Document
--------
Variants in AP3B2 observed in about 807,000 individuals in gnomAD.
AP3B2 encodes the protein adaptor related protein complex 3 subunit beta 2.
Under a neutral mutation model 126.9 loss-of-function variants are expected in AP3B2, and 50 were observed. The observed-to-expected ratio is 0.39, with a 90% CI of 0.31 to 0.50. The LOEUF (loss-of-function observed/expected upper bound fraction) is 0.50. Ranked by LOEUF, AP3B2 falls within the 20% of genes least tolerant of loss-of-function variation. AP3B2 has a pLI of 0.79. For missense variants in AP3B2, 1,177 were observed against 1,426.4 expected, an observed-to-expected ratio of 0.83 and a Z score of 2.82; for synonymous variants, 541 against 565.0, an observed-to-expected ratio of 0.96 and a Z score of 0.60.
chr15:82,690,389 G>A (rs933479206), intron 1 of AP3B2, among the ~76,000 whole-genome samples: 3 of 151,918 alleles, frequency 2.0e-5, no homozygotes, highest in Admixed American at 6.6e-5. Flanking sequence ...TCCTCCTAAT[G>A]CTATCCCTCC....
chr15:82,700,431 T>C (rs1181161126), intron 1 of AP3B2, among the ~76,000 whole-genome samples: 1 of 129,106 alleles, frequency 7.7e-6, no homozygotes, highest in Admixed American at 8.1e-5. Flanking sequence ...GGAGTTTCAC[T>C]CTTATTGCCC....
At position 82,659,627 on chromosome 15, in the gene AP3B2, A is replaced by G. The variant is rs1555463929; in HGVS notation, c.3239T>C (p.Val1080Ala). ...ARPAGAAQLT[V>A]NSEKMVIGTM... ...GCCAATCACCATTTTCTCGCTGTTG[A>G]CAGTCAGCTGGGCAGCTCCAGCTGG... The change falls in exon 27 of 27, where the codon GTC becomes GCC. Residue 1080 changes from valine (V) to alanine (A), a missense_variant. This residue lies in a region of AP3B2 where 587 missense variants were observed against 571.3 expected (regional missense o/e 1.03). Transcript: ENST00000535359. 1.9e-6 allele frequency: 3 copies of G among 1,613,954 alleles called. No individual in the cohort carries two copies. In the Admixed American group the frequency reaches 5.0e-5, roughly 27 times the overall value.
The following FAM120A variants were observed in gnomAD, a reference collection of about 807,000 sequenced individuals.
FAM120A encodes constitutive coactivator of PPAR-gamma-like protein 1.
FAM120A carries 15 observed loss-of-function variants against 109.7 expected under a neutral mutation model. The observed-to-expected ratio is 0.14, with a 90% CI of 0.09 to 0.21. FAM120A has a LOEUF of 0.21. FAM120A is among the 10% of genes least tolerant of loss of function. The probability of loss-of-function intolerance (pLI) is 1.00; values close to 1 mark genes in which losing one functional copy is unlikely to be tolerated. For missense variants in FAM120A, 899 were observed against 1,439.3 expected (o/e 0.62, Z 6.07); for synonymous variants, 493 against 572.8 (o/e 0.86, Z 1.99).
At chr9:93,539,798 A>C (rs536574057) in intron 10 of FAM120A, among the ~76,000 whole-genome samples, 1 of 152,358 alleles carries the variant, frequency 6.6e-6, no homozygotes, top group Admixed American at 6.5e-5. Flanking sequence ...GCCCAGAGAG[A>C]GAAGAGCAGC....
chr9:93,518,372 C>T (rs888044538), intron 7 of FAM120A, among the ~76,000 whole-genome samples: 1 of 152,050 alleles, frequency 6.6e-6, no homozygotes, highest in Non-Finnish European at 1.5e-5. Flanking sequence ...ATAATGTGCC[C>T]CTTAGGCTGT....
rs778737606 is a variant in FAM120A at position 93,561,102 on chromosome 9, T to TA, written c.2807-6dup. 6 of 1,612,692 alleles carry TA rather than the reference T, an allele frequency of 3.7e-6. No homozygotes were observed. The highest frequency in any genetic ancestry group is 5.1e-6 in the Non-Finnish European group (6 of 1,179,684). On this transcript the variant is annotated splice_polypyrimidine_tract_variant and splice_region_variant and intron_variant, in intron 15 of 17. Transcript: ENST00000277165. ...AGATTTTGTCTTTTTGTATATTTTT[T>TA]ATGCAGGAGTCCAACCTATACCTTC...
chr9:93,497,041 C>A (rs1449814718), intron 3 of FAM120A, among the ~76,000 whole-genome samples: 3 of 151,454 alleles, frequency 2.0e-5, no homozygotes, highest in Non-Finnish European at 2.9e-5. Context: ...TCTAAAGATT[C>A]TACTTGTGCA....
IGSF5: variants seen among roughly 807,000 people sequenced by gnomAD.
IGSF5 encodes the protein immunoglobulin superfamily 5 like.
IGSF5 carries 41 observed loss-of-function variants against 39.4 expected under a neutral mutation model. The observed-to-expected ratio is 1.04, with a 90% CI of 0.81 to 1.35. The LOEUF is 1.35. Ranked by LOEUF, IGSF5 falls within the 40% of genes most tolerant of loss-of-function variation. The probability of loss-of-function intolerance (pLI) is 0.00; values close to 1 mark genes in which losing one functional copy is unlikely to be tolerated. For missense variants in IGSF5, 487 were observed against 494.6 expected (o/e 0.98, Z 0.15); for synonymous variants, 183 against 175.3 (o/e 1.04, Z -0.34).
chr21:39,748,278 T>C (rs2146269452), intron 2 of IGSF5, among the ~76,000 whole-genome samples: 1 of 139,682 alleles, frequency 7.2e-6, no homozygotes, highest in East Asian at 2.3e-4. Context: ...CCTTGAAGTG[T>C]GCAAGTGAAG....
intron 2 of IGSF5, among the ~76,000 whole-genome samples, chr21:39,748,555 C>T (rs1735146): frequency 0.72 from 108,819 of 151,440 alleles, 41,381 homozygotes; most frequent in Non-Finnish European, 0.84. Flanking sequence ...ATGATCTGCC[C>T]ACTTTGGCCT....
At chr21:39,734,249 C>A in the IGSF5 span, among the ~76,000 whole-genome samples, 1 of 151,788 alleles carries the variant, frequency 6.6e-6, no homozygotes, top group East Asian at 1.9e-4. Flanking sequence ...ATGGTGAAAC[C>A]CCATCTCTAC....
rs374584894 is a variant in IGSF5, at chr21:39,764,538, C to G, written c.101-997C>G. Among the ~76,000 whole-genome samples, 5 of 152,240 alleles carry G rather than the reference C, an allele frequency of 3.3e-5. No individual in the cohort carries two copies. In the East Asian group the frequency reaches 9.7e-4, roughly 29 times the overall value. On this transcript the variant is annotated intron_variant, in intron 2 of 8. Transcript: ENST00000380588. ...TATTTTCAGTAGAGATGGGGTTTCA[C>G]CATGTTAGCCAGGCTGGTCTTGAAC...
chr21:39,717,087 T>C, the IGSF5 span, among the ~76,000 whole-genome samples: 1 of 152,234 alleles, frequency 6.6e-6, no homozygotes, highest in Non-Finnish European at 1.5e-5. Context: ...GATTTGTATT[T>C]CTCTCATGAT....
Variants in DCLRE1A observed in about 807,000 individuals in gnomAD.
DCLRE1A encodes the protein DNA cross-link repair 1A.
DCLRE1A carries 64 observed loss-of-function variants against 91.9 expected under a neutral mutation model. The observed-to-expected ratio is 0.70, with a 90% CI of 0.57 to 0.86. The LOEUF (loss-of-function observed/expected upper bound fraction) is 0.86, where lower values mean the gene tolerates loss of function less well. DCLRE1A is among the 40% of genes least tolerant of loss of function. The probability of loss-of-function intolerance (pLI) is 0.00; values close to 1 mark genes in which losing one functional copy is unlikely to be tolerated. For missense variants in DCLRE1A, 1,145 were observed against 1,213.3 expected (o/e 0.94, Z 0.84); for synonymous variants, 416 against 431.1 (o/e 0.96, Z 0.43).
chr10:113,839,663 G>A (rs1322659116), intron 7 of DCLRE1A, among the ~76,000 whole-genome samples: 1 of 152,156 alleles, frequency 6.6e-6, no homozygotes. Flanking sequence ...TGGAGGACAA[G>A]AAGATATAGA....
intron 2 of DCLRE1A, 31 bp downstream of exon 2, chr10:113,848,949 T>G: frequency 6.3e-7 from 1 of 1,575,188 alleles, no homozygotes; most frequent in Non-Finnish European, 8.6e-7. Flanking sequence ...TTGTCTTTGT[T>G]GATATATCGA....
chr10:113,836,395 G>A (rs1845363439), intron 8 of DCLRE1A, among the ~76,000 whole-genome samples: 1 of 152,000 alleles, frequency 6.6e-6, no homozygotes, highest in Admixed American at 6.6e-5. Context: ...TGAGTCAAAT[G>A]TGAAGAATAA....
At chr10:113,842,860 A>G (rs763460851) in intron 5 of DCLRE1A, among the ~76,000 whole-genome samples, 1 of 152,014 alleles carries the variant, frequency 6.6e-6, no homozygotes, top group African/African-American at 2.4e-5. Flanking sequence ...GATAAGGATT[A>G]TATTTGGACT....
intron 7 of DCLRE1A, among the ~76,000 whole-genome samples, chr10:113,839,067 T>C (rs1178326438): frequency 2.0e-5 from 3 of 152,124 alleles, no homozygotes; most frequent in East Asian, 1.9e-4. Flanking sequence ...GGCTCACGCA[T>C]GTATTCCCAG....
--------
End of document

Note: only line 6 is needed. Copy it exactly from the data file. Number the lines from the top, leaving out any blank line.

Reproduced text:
At position 82,659,627 on chromosome 15, in the gene AP3B2, A is replaced by G. The variant is rs1555463929; in HGVS notation, c.3239T>C (p.Val1080Ala). ...ARPAGAAQLT[V>A]NSEKMVIGTM... ...GCCAATCACCATTTTCTCGCTGTTG[A>G]CAGTCAGCTGGGCAGCTCCAGCTGG... The change falls in exon 27 of 27, where the codon GTC becomes GCC. Residue 1080 changes from valine (V) to alanine (A), a missense_variant. This residue lies in a region of AP3B2 where 587 missense variants were observed against 571.3 expected (regional missense o/e 1.03). Transcript: ENST00000535359. 1.9e-6 allele frequency: 3 copies of G among 1,613,954 alleles called. No individual in the cohort carries two copies. In the Admixed American group the frequency reaches 5.0e-5, roughly 27 times the overall value.